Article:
I was going to ask why bother even examining Leto if the standard policy is to kill abominations sight unseen. What could they possibly find that would change their minds about keeping him alive? But your comment here may be an answer: do you think it was just a matter of determining whether he was just stable enough to be allowed to live until they could breed him, and then they'd kill him afterwards?
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    Re: Paul's Vision of the Golden Path

    Postby Freakzilla » 08 Aug 2017 11:03

    georgiedenbro wrote:
    Freakzilla wrote:
    georgiedenbro wrote:
    Freakzilla wrote:Also, keep in mind that these are the prescious KH genes the BG have been waiting 90 generations for.


    I was going to ask why bother even examining Leto if the standard policy is to kill abominations sight unseen. What could they possibly find that would change their minds about keeping him alive? But your comment here may be an answer: do you think it was just a matter of determining whether he was just stable enough to be allowed to live until they could breed him, and then they'd kill him afterwards?


    Quite possibly!
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    Re: Paul's Vision of the Golden Path

    Postby pcqypcqy » 08 Aug 2017 22:27

    There's a passage in CoD I think that describes how Alia was relatively stable and could keep the voices at bay, but after Paul walked into the desert and she had more and more responsibility, she had less time/ability to keep those voices quiet.

    I'm up to Leto's test right now in CoD. Trying to read it carefully to see what's going on.

    Namri has mentioned Javid a couple of times now, and how proud he is. It's like he's setting up that part of the story, but from memory I don't recall this being that important a plot point later on?

    Also, if Namri is in cahoots with Alia, Jessica is already on Salusa Secundus, and Gurney is by himself, surely the whole sietch could have banded together and killed Gurney, or used some sort of poison or underhanded technique. Gurney seemed to trust these people, and there's many references in the earlier books about how snoopers aren't required in a sietch.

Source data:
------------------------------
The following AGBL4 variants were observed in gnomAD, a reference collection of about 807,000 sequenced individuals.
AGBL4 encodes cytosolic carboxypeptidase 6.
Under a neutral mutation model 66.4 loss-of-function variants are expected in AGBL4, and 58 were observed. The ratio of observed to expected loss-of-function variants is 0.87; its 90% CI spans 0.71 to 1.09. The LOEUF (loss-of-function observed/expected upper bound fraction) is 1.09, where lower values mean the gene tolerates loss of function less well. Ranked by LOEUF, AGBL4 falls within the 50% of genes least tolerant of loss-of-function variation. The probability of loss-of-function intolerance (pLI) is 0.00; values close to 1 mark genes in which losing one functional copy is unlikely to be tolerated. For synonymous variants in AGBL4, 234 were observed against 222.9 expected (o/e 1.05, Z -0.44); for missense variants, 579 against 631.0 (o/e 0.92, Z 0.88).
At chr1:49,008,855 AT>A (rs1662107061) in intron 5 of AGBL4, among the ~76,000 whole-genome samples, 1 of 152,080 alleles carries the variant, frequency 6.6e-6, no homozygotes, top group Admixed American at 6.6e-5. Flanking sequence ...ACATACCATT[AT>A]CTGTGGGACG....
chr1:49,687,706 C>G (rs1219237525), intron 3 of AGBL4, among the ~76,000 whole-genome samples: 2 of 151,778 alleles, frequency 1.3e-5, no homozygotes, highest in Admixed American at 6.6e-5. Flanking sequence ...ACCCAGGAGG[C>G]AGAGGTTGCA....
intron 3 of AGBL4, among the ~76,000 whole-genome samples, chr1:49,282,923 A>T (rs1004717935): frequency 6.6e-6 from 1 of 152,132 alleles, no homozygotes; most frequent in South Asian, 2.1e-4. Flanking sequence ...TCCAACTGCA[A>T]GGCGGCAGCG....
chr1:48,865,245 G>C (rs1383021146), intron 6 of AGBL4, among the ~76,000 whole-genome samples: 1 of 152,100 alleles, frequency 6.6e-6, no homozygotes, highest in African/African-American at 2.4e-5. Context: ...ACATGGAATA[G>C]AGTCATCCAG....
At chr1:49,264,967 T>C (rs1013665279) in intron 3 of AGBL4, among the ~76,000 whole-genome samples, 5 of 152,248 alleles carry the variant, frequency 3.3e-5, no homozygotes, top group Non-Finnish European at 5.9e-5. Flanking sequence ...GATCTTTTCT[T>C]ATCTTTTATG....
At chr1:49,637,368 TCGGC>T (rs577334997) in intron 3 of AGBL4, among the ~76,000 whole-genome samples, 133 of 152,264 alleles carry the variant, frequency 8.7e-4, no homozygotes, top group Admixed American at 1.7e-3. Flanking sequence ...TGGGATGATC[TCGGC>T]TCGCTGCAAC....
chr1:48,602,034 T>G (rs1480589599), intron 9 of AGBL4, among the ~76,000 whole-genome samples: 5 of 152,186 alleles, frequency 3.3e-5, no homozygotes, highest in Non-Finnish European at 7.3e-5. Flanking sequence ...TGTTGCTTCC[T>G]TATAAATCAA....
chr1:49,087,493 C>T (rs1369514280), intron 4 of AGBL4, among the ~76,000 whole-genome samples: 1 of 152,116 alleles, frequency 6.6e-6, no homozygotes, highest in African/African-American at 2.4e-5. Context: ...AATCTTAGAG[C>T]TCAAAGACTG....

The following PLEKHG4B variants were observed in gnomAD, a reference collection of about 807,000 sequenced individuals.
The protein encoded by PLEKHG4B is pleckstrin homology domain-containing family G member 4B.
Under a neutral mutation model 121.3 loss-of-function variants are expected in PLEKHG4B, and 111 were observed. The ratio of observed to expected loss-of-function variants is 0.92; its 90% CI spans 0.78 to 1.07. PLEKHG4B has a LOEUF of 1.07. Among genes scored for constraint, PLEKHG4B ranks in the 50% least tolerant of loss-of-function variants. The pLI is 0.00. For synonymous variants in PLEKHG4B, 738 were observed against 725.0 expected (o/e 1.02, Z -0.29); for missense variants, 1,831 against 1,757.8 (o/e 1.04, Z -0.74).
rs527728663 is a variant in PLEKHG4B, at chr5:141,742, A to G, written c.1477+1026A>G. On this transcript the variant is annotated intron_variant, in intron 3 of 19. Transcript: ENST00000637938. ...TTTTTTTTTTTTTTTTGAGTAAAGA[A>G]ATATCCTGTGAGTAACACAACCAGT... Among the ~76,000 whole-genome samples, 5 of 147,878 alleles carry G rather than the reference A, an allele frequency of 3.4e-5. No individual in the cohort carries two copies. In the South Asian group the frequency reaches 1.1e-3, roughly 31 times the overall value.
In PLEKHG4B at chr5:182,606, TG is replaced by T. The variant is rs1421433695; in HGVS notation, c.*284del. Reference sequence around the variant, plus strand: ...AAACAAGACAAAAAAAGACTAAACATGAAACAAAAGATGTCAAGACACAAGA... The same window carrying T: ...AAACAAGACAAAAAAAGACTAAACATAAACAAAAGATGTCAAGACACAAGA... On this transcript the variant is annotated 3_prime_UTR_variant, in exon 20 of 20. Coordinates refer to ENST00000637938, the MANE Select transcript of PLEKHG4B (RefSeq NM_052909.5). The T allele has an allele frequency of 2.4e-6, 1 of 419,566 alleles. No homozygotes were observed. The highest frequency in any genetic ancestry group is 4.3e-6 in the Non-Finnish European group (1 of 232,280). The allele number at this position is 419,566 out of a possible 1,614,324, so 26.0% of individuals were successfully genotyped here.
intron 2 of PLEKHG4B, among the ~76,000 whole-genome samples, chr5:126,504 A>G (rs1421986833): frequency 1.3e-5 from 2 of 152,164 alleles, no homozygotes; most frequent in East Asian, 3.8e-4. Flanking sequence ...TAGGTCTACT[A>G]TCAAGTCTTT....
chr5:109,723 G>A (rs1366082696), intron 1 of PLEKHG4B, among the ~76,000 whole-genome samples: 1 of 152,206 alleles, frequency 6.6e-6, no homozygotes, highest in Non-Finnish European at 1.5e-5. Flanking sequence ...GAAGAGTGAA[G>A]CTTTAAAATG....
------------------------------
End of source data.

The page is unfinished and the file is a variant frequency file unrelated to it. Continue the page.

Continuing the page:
Gurney is also relying on Namri to make the decision to kill Leto or let him live. If Namri intends to kill him all along, why not kill him at any point and simply say he didn't pass the test? There's a few moments there where Narmi is pretty close to killing him, so why not do it? Gurney would be none the wiser as he was fully prepared for the possibility of Leto's death?
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    Re: Paul's Vision of the Golden Path

    Postby Freakzilla » 09 Aug 2017 05:46

    pcqypcqy wrote:Also, if Namri is in cahoots with Alia, Jessica is already on Salusa Secundus, and Gurney is by himself, surely the whole sietch could have banded together and killed Gurney, or used some sort of poison or underhanded technique. Gurney seemed to trust these people, and there's many references in the earlier books about how snoopers aren't required in a sietch.


    The other people in Jacurutu didn't seem to care or weren't in on it. They knew who Leto was and just let him walk out.

    Gurney is also relying on Namri to make the decision to kill Leto or let him live. If Namri intends to kill him all along, why not kill him at any point and simply say he didn't pass the test? There's a few moments there where Narmi is pretty close to killing him, so why not do it? Gurney would be none the wiser as he was fully prepared for the possibility of Leto's death?


    I think Gurney was looking for the same things as Namri, he would have known.
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    Re: Paul's Vision of the Golden Path

    Postby pcqypcqy » 10 Aug 2017 18:06

    The sietch dwellers were on Namri's side I thought, they were just uninterested because they knew Leto was Namri's responsibility.

    Later, Namri tries to kill Gurney after Leto escapes. He obviously thought he was capable of doing it otherwise he wouldn't have tried. And he wouldn't have attempted it if it meant his whole sietch would turn on him.

    There are moments when Gurney leaves during Leto's testing because he didn't want to have to witness his death. I took that to mean the test was at a critical point where killing him would have been a reasonable outcome to Namri, Gurney, Jessica, etc.

    So apart from it bring a good story, I still don't know why he just didn't kill Leto.
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    Re: Paul's Vision of the Golden Path

    Postby Serkanner » 11 Aug 2017 03:19

    pcqypcqy wrote: I still don't know why he just didn't kill Leto.


    He is the son of Paul.